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NYU Master's Program in Global Public Health Capstone Program UNDERSTANDING THE CONTEXT OF HIV RISK IN ZAMBIA A Study of Mongu, Senanga, and Kaoma Districts.

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Presentation on theme: "NYU Master's Program in Global Public Health Capstone Program UNDERSTANDING THE CONTEXT OF HIV RISK IN ZAMBIA A Study of Mongu, Senanga, and Kaoma Districts."— Presentation transcript:

1 NYU Master's Program in Global Public Health Capstone Program UNDERSTANDING THE CONTEXT OF HIV RISK IN ZAMBIA A Study of Mongu, Senanga, and Kaoma Districts in the Western Province Rebecca Adeskavitz, MPA Donovan Jones, MA Moneesha Kamani, MSc, MS Erin Murphy, MMS, PA-C Janet Vessotskie, MS, PhD Report May 2010

2 HIV and AIDS IN ZAMBIA The 2007 Zambia Demographic Health Survey revealed that HIV prevalence rates in the general population have dropped from 16% to 14% However… Young women have been especially hard hit; 16% of women aged 20-24 are infected compared to just 4% of men in the same age group 3 out of 9 provinces have a rising HIV prevalence, including the Western Province Identify problem The cause of these new infections is not yet known, though many point to cultural practices such as: Sexual Cleansing Widow Inheritance Dry Sex Polygamy Female Initiation Male Circumcision

3 RESEARCH QUESTIONS Define Research Questions The following research questions were agreed: NYU partnered with Concern Worldwide Zambia in collaboration with ARHA, DAPP, DHMTs and DATFs to undertake a qualitative exploratory study in 2010 What are the sexual practices in Zambia’s Western Province that are putting people at risk for HIV? What are the contextual factors that influence the continuation of these practices? Concern Worldwide began working in Zambia in 2002 - HIV Prevention, Livelihood Protection and Emergency Response

4 STUDY DESIGN Define the Problem Design Study Study Design Qualitative study utilizing rapid assessment techniques Study Setting Mongu, Senanga & Kaoma Districts in Western Province Methods Key Informant Interviews In-depth Interviews Focus Group Discussions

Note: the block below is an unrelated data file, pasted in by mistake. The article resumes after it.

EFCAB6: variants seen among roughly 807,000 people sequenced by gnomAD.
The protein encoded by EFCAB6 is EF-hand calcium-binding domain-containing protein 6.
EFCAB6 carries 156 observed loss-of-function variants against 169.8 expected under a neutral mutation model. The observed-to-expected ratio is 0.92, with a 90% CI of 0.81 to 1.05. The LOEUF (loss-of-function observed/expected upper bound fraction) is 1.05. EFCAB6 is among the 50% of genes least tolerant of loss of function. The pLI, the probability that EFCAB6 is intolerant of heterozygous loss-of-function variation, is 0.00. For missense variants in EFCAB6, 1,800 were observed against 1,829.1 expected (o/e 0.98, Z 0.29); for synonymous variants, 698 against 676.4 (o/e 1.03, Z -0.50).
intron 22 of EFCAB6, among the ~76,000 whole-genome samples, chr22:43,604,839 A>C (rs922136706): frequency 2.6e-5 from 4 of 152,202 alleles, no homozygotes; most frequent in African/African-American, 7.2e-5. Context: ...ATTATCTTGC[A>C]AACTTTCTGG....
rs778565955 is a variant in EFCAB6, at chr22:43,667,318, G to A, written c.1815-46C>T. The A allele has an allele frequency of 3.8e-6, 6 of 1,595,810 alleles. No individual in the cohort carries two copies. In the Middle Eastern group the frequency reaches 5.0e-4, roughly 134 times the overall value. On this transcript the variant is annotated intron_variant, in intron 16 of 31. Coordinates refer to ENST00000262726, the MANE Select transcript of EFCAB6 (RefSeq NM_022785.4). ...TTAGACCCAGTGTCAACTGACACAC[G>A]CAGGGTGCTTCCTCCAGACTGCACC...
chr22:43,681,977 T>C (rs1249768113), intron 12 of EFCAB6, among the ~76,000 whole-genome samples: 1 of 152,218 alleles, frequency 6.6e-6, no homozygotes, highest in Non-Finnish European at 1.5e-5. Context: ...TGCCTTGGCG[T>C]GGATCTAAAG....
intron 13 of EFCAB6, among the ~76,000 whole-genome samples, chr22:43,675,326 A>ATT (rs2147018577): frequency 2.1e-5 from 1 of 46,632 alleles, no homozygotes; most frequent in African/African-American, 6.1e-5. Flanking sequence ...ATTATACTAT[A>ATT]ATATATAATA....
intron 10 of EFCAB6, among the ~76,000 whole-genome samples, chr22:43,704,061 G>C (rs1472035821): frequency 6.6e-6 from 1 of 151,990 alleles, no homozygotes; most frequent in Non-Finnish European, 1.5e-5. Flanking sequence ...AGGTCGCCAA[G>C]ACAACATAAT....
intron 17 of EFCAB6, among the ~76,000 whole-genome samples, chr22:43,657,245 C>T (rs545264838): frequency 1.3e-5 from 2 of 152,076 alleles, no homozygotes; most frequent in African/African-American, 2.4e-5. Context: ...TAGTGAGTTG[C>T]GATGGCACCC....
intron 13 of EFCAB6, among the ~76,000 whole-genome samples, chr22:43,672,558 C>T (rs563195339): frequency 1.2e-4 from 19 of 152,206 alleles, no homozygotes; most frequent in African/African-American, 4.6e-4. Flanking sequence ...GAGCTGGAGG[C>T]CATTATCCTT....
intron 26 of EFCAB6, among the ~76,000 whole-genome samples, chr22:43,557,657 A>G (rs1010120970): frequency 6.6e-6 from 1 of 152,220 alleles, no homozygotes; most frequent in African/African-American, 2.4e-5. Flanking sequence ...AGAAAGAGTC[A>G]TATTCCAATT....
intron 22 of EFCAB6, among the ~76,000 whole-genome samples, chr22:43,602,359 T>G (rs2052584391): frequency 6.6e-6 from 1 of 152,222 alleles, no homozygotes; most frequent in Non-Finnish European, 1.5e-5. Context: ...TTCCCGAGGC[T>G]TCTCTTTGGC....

5 Individual Factors Structural Factors Social Factors HIV Transmission Dynamics HIV Incidence Social Capital Cultural Context Social Networks Structural Violence & Discrimination Policy Environment Legal Structures Behavior Individual Characteristics Socioeconomic Position POVERTY Source: Adapted from Poundstone, Strathdee & Celentano, 2004 THEORETICAL FRAMEWORK

6 DATA COLLECTION Data Collection MonguSenangaKaoma Focus Group Discussions 622 No. of FG Participants 461314 In-depth Interviews 800 Key Informant Interviews 1017 Total Participants541421 Data collection took place over a two-week period Focus Group Participants 47Average Age (years) 54% Male 46% Female 48% Married 30% of participants who reached secondary level education Interviews NGO leaders Government officials Local/tribal leaders Traditional healers Church leaders Community Health Workers

7 A tree provides shade for a focus group in Itufa, Senanga District.

8 Analysis ANALYSIS Secondary Data Zambian DHS Other studies Focus Group Discussions In-depth and Key Informant Interviews Triangulation

9 RESULTS What are the factors driving the epidemic? In-depth analysis of interview and focus group transcripts revealed a number of social and structural factors that act as both barriers and facilitators for HIV risk behaviors. 5 meaningful themes emerged: Traditional Norms & Practices Gender, Power & Inequality Social Factors Prevention & Disconnected Messages Infrastructure & Service Delivery

10 Major Findings - Learning: Cultural norms and practices are contributing to the spread of HIV in the Western Province Some traditional practices have a positive effect and are helping to protect against HIV transmission Harmful practices are slowly changing in response to HIV It is a symbol in our culture that if you have more that one wife, you must be a very powerful person or a very rich person who is able to look after those wives —Senior Government Official, Mongu TRADITIONAL NORMS & PRACTICES